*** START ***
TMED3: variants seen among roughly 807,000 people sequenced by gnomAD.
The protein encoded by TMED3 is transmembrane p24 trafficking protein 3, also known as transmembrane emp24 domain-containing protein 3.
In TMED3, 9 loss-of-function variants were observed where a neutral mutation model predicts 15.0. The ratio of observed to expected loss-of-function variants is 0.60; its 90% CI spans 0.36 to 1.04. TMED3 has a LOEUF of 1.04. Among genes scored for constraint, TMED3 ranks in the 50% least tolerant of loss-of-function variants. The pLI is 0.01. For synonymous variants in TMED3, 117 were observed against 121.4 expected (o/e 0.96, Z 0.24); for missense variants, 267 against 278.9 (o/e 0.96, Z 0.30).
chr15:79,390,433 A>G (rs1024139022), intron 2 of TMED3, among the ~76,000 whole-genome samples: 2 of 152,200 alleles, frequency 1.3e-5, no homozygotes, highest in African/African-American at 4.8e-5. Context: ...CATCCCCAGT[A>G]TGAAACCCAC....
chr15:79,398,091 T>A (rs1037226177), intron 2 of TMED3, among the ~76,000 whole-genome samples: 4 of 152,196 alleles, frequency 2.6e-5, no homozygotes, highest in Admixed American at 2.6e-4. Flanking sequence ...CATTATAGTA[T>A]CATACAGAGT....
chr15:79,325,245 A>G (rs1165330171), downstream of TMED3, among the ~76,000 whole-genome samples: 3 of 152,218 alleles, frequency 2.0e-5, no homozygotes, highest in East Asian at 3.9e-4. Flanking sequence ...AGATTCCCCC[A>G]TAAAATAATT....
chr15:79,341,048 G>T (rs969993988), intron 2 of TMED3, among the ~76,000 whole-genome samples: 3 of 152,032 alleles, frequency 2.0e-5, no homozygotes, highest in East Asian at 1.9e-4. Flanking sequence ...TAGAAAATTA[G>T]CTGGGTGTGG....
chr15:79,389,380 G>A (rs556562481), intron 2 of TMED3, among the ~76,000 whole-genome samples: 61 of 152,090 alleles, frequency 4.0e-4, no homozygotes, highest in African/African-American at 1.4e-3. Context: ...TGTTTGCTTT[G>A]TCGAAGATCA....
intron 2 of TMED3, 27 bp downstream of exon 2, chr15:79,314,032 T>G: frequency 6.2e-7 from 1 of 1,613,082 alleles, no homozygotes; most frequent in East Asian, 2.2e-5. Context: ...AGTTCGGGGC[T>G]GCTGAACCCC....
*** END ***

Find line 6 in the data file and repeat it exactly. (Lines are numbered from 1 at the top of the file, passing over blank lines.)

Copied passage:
chr15:79,325,245 A>G (rs1165330171), downstream of TMED3, among the ~76,000 whole-genome samples: 3 of 152,218 alleles, frequency 2.0e-5, no homozygotes, highest in East Asian at 3.9e-4. Flanking sequence ...AGATTCCCCC[A>G]TAAAATAATT....